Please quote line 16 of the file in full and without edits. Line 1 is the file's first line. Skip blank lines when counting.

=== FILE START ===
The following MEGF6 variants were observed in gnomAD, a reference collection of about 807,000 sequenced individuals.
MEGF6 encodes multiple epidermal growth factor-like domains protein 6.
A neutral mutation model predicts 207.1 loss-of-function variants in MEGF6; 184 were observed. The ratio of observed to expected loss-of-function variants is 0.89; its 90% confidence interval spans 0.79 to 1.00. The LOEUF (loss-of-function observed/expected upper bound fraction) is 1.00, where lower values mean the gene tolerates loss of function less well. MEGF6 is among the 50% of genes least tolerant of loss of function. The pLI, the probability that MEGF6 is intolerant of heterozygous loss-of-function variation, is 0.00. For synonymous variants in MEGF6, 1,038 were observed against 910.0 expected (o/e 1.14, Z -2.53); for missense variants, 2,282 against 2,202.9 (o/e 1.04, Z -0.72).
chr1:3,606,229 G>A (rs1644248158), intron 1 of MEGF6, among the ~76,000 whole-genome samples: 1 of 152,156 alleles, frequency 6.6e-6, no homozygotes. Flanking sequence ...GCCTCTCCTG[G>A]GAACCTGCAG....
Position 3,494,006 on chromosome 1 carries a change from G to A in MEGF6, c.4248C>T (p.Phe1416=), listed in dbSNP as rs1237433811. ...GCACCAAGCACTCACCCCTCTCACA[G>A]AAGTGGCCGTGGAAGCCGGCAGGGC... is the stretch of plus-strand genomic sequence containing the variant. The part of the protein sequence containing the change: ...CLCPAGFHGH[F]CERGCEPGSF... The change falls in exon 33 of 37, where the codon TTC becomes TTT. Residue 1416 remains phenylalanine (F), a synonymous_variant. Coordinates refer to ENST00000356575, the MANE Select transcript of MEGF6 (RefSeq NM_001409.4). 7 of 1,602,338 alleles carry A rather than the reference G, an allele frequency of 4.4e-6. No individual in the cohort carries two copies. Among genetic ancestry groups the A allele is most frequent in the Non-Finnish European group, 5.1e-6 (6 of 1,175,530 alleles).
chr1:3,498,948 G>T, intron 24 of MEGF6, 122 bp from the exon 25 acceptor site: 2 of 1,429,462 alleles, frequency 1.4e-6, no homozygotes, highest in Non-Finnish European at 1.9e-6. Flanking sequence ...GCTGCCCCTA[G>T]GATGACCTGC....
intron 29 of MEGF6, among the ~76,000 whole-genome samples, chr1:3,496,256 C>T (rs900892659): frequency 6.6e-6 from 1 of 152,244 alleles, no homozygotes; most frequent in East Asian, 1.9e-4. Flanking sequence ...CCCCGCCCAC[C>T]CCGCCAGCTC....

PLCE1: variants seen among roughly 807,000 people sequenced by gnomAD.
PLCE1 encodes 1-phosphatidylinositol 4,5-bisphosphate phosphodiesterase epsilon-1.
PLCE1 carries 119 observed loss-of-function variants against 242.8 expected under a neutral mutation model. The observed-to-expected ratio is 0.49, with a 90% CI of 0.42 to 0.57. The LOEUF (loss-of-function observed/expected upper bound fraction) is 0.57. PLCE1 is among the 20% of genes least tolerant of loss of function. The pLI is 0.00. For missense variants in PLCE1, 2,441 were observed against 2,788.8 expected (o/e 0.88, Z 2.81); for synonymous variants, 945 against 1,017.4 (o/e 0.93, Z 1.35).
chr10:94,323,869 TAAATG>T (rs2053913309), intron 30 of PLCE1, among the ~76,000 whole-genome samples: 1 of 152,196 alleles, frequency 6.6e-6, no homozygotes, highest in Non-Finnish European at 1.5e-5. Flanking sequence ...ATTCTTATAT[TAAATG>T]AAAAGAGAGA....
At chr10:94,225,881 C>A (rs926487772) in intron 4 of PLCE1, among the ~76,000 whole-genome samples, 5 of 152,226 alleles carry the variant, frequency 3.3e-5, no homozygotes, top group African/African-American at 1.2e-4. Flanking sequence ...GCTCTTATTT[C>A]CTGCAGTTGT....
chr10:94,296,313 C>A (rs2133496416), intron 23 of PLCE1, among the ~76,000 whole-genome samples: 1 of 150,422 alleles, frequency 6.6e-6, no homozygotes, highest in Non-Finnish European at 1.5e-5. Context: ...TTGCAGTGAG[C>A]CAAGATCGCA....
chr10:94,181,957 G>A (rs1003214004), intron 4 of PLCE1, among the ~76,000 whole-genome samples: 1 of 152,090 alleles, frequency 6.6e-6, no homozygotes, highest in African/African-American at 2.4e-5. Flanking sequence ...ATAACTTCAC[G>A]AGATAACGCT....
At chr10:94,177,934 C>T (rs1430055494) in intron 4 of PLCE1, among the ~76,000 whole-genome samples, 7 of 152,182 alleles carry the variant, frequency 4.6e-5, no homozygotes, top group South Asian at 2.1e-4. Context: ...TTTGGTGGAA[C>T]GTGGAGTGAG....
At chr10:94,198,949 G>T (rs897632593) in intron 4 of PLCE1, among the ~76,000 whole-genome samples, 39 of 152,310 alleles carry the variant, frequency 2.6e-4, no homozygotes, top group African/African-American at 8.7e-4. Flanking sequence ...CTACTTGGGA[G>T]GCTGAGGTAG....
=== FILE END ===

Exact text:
At chr10:94,198,949 G>T (rs897632593) in intron 4 of PLCE1, among the ~76,000 whole-genome samples, 39 of 152,310 alleles carry the variant, frequency 2.6e-4, no homozygotes, top group African/African-American at 8.7e-4. Flanking sequence ...CTACTTGGGA[G>T]GCTGAGGTAG....